In a season in which the Celtics are expected to endure their lumps and for a team that has been desperate to find a low-cost yet serviceable backup behind Rondo, would it not be beneficial to let Pressey learn on the fly?
The exhibition season might ultimately dictate if Pressey can win the coaching staff's trust by proving he's ready for the NBA level. What's clear is that there's floor-general talent inside Pressey -- it's up to Stevens and his crew to extract it consistently from the 22-year-old guard.
Before June's pickapalooza, ESPN draft guru Chad Ford told the Kansas City Star, "Phil Pressey is one of the most frustrating players to scout for NBA scouts and for myself because when you want to talk about a floor general, a guy that can see the floor, he’s as talented as any point guard in this draft. He is a special passer who really, I think, can run a team. The problem is he doesn’t always see himself that way. And you saw at Missouri, over and over again, as games would get tight, he would start to try to play hero ball, try to do too much, and then commit mind-boggling turnovers and take horrible jump shots and almost single-handedly lose games for Missouri after playing so well for the first 35 minutes. And so, is Phil Pressey the guy that you see in the first 35 minutes of a Missouri game, or is he the guy you see in the last five minutes?"
Pressey displayed phenomenal court vision in Orlando and, when he limited his turnovers, he looked like a very capable quarterback. The knock has been his inconsistent offense, which left teams challenging him to beat them at the college level. According to Synergy Sports data, Pressey averaged a mere 0.749 points per play, ranking in the 34th percentile among all Division I players. He shot just 37.8 percent from the floor overall and just 34.7 percent on all jump shots (though that number spiked to 48 percent on mid-range jumpers from 17 feet to the 3-point line). If opponents take away that mid-range option, Pressey must prove he can be a consistent NBA 3-point shooter (this after shooting just 32.8 percent beyond the NCAA arc last season).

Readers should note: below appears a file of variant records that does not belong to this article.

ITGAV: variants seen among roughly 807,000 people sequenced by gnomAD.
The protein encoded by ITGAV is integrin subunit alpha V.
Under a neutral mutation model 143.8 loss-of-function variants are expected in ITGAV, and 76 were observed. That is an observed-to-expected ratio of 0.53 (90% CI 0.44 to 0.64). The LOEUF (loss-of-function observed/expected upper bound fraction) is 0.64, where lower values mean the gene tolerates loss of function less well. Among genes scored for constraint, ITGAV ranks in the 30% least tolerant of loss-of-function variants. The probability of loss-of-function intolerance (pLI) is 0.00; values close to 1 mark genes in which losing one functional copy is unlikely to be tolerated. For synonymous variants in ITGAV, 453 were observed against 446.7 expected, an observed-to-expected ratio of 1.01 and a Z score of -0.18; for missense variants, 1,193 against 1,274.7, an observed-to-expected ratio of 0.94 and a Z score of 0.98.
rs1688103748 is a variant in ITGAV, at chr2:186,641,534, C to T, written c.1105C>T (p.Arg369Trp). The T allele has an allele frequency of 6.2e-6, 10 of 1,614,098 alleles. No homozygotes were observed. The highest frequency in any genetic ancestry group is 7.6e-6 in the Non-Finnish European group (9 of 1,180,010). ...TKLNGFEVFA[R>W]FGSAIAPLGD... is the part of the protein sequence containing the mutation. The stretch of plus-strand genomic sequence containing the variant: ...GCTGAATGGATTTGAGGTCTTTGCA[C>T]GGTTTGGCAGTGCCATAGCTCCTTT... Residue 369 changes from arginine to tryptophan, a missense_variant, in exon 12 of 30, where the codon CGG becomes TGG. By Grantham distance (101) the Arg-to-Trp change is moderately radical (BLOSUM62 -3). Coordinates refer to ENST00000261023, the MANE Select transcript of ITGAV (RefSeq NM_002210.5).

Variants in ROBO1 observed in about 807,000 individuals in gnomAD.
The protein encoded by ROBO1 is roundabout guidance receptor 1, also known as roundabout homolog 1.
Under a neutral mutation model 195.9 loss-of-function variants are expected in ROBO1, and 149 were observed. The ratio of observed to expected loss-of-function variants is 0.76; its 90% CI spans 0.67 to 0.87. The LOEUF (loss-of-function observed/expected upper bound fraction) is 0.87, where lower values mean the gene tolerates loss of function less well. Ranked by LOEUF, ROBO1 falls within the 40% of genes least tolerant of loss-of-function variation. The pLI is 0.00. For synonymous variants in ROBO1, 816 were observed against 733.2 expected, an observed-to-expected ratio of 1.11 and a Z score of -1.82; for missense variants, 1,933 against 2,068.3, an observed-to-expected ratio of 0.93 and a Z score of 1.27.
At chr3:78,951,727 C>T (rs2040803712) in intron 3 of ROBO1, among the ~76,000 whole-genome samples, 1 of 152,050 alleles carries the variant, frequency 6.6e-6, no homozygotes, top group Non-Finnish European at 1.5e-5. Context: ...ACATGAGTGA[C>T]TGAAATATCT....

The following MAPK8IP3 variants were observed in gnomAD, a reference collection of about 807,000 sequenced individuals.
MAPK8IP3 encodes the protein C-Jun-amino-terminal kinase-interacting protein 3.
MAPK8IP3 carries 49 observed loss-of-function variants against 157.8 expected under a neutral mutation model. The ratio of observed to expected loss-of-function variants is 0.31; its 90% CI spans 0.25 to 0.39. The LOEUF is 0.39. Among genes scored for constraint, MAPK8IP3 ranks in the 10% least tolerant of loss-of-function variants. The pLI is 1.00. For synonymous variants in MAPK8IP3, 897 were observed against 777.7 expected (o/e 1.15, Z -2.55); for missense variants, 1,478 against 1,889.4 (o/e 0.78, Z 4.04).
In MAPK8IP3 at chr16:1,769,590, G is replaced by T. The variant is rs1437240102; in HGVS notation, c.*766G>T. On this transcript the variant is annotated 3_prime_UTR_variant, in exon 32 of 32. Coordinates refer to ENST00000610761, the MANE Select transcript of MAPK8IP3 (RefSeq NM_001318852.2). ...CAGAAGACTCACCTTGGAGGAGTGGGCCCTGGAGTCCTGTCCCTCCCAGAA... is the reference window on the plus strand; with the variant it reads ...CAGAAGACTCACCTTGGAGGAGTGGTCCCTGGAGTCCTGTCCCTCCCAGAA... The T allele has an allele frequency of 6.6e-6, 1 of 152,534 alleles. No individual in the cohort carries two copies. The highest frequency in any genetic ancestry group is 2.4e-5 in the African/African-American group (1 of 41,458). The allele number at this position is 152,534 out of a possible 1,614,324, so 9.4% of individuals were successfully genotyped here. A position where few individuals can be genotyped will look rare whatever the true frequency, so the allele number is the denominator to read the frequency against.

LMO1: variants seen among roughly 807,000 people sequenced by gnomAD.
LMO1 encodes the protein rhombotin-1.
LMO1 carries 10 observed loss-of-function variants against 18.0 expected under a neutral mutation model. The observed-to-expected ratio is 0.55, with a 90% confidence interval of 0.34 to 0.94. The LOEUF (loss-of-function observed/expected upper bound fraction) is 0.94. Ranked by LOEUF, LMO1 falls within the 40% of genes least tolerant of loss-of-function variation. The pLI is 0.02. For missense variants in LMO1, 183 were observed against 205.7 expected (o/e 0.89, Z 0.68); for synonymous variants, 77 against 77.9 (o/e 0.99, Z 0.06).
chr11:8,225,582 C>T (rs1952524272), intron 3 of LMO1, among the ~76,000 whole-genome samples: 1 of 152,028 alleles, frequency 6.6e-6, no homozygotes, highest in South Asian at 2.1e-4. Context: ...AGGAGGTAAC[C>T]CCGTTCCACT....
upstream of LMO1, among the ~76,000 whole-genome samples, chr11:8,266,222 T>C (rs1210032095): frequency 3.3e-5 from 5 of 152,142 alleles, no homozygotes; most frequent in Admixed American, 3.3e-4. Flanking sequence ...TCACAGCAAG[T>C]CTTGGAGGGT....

But, defensively, he's super intriguing, particularly the idea of matching him in the backcourt with Bradley. Yes, that's a noticeably undersized duo, but also a very tenacious pair of ball-hounds. According to Synergy data, Pressey allowed 0.768 points per play last season, ranking in the 64th percentile. He excelled defending pick-and-roll ball-handlers but needs to show he can be a more consistent 1-on-1 defender. He can be a pest picking up full court as opposing point guards found out in Orlando.
"A lot of people know my creating and my passing abilities, but they kind of second-guess my defensive abilities -- picking up full-court pressure and guarding guys that are bigger than I am," Pressey said. "I feel like if I can do that, I should be all right."
What's clear is Pressey has an opportunity here and a chance to prove himself to the 29 other teams that passed on him in June. It's on him to prove they made a mistake.